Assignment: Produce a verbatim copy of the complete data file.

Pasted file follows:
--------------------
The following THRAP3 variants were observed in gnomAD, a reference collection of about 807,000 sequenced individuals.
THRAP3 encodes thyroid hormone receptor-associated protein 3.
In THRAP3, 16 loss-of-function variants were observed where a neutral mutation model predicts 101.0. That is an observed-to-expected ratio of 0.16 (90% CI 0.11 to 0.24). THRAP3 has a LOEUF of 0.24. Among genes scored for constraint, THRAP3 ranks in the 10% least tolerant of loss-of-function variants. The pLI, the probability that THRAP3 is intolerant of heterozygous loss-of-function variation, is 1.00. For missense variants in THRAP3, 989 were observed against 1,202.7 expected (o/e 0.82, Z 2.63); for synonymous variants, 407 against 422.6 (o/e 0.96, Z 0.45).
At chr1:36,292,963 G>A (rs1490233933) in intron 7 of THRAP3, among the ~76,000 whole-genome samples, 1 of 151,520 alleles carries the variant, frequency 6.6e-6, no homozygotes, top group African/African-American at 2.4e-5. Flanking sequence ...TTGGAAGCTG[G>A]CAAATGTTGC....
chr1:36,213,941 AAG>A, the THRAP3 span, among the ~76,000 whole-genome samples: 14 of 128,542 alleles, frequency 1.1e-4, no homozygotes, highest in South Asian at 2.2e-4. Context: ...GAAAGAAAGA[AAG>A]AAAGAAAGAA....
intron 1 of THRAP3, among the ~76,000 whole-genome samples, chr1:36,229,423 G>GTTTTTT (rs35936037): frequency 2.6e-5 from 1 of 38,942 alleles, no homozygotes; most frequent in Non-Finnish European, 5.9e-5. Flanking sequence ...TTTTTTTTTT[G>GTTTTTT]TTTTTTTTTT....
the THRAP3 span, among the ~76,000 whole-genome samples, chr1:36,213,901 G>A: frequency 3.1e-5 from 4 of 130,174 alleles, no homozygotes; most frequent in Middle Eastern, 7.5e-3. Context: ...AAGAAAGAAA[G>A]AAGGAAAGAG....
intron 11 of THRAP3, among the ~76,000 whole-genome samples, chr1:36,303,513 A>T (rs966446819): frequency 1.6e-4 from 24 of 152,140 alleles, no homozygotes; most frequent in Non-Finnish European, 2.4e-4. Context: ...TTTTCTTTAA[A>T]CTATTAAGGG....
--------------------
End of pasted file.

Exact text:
The following THRAP3 variants were observed in gnomAD, a reference collection of about 807,000 sequenced individuals.
THRAP3 encodes thyroid hormone receptor-associated protein 3.
In THRAP3, 16 loss-of-function variants were observed where a neutral mutation model predicts 101.0. That is an observed-to-expected ratio of 0.16 (90% CI 0.11 to 0.24). THRAP3 has a LOEUF of 0.24. Among genes scored for constraint, THRAP3 ranks in the 10% least tolerant of loss-of-function variants. The pLI, the probability that THRAP3 is intolerant of heterozygous loss-of-function variation, is 1.00. For missense variants in THRAP3, 989 were observed against 1,202.7 expected (o/e 0.82, Z 2.63); for synonymous variants, 407 against 422.6 (o/e 0.96, Z 0.45).
At chr1:36,292,963 G>A (rs1490233933) in intron 7 of THRAP3, among the ~76,000 whole-genome samples, 1 of 151,520 alleles carries the variant, frequency 6.6e-6, no homozygotes, top group African/African-American at 2.4e-5. Flanking sequence ...TTGGAAGCTG[G>A]CAAATGTTGC....
chr1:36,213,941 AAG>A, the THRAP3 span, among the ~76,000 whole-genome samples: 14 of 128,542 alleles, frequency 1.1e-4, no homozygotes, highest in South Asian at 2.2e-4. Context: ...GAAAGAAAGA[AAG>A]AAAGAAAGAA....
intron 1 of THRAP3, among the ~76,000 whole-genome samples, chr1:36,229,423 G>GTTTTTT (rs35936037): frequency 2.6e-5 from 1 of 38,942 alleles, no homozygotes; most frequent in Non-Finnish European, 5.9e-5. Flanking sequence ...TTTTTTTTTT[G>GTTTTTT]TTTTTTTTTT....
the THRAP3 span, among the ~76,000 whole-genome samples, chr1:36,213,901 G>A: frequency 3.1e-5 from 4 of 130,174 alleles, no homozygotes; most frequent in Middle Eastern, 7.5e-3. Context: ...AAGAAAGAAA[G>A]AAGGAAAGAG....
intron 11 of THRAP3, among the ~76,000 whole-genome samples, chr1:36,303,513 A>T (rs966446819): frequency 1.6e-4 from 24 of 152,140 alleles, no homozygotes; most frequent in Non-Finnish European, 2.4e-4. Context: ...TTTTCTTTAA[A>T]CTATTAAGGG....